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Photo by @CarltonWard | A bobcat triggers a camera trap in rare scrub habitat on the Lake Wales Ridge -- ancient sand dunes that form the spine of Central Florida, rising 300 feet above sea level as the highest natural feature in the peninsula, and hosting a variety of endangered and endemic plants -- a time capsule to 2 million years ago when the rest of Florida was covered by a shallow sea. While much of the historic vegetation has been replaced by roads, crops and housing, this section of the ridge is protected by Archbold Biological Station (@archboldstation), which is a catalyst for research and conservation in the surrounding landscape. This outpost in the Northern Everglades is where we founded the Florida Wildlife Corridor project to communicate the vision for habitat protection needed to keep Florida wild. In 2012, with support from National Geographic, friends and I hiked, paddled and biked 1,000+ miles in 100 consecutive days, tracing this last remaining wildlife corridor between the Everglades (southern tip of Florida) and the Okefenokee Swamp (southern Georgia). We crossed Archbold on day 35 of the journey. My current #PathofthePanther project with @NatGeo is focused on the same Corridor through the story of the endangered Florida panther, because without protecting a wildlife corridor as a lifeline north from the Everglades, the panther will have no path to recovery. The clock is ticking as 1000 people move to Florida each day, and 5 million acres of the Corridor are projected to be lost by 2070 if development continues on its current trajectory. Please connect with me @carltonward and share this story so we can help #KeepFLWild. #FloridaWildlifeCorridor @fl_wildcorridor @insidenatgeo #everglades #expedition #FloridaWild #bobcat #corridor.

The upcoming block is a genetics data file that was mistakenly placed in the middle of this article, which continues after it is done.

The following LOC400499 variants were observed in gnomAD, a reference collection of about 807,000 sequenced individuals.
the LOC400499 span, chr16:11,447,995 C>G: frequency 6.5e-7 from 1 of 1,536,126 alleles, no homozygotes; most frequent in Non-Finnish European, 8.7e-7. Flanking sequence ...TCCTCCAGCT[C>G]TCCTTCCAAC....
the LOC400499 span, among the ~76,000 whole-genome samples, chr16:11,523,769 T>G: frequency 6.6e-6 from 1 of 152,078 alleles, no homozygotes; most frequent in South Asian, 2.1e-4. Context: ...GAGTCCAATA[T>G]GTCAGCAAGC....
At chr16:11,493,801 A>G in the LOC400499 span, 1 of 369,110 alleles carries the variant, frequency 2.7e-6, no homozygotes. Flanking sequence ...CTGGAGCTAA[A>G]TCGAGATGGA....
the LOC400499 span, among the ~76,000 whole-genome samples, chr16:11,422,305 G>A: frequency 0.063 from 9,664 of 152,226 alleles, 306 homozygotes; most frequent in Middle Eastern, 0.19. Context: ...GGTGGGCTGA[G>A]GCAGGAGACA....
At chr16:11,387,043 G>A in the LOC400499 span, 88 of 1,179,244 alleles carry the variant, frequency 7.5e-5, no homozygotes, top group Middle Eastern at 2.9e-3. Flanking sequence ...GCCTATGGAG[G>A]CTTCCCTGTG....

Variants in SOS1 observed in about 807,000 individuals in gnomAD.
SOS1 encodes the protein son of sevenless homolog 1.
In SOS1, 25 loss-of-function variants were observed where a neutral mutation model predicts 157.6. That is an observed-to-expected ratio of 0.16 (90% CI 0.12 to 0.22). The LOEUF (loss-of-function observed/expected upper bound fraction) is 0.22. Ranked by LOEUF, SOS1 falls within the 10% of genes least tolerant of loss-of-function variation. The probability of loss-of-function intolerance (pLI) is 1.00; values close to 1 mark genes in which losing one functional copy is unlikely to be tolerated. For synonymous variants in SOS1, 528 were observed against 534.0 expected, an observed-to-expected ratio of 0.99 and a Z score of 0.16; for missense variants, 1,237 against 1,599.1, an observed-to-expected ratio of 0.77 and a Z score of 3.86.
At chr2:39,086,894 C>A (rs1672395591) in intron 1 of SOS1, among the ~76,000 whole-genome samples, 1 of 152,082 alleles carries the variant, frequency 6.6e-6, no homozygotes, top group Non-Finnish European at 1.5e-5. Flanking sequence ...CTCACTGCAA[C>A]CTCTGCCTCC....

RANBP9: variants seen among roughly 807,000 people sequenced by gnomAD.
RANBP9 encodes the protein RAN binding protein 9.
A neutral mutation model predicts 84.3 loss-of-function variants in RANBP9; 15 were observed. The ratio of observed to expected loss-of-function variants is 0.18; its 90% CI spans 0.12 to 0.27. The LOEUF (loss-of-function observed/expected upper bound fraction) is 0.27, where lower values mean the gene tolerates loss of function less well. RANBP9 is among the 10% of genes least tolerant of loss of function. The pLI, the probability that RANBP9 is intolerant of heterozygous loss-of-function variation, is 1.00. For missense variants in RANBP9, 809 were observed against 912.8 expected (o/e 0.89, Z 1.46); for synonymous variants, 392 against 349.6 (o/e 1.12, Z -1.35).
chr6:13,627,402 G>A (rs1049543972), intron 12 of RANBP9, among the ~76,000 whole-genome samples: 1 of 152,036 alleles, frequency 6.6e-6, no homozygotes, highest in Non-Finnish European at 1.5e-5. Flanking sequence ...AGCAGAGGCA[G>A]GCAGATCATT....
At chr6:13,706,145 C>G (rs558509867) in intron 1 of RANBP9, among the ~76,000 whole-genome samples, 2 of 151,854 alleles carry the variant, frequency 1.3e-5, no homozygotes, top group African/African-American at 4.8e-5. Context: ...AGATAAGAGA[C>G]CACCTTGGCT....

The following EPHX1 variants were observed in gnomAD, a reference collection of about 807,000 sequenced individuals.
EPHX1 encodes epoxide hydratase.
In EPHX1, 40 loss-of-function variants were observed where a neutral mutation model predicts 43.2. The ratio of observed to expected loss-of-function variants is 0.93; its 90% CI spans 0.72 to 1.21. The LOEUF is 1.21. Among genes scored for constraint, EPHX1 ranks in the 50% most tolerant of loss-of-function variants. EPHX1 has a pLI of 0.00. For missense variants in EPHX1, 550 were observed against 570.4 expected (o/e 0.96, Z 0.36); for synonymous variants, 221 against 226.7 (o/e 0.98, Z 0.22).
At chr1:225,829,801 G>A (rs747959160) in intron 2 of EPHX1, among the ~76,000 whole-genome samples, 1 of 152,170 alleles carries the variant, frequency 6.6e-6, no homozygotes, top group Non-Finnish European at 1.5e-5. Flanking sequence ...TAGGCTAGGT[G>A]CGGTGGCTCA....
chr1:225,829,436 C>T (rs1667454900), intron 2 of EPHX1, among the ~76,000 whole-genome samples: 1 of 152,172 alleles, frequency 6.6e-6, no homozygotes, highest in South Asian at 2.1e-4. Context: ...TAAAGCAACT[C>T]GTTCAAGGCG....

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#Repost・・・@carltonward
Did you know that Florida has black bears? There are seven subpopulations distributed throughout the state from Naples to Pensacola that are increasingly isolated by roads and suburban sprawl (swipe right for a map). The core populations are centered on large, forested, public lands. This camera trap photo is from a cattle ranch in between. The importance of ranches to wide-ranging bears inspired the Florida Wildlife Corridor project, which advocates for the habitat protection needed to keep wild Florida connected. In 2012, I hiked, paddled and biked 1,000+ miles in 100 consecutive days, tracing this last remaining wildlife corridor between the Everglades (southern tip of Florida) north to the Okefenokee Swamp (southern Georgia). My current #PathofthePanther project with @NatGeo is focused on the same Corridor through the story of the endangered Florida panther, because without protecting a wildlife corridor north from the Everglades, the panther will have no path to recovery. The clock is ticking as 1000 people move to Florida each day, and 5 million acres of the Corridor are projected to be lost by 2070 if development continues on its current trajectory. Please share this story so we can help save the #FloridaWildlifeCorridor. @fl_wildcorridor @insidenatgeo. #everglades #expedition #FloridaWild #KeepFLWild #bear #corridor @myfwc. Bear research by @joeguthrie8 at @archboldstation, expedition team with @mallorydimmitt.


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Photo by @CarltonWard | Did you know that Florida has black bears? There are seven subpopulations distributed throughout the state from Naples to Pensacola that are increasingly isolated by roads and suburban sprawl (swipe right for a map). The core populations are centered on large, forested, public lands. This camera trap photo is from a cattle ranch in between. The importance of ranches to wide-ranging bears inspired the Florida Corridor project, which advocates for the habitat protection needed to keep wild Florida connected. In 2012, I hiked, paddled and biked 1,000+ miles in 100 consecutive days, tracing this last remaining corridor between the Everglades (southern tip of Florida) north to the Okefenokee Swamp (southern Georgia). My current #PathofthePanther project with is focused on the same Corridor through the story of the endangered Florida panther, because without protecting a wildlife corridor north from the Everglades, the panther will have no path to recovery. The clock is ticking as 1000 people move to Florida each day, and 5 million acres of the Corridor are projected to be lost by 2070 if development continues on its current trajectory. Please connect with me @carltonward and share this story so we can help save the . @fl_wildcorridor @insidenatgeo. #everglades #expedition #FloridaWild #KeepFLWild #bear #corridor @myfwc. Bear research by @joeguthrie8 at @archboldstation, expedition team with @mallorydimmitt.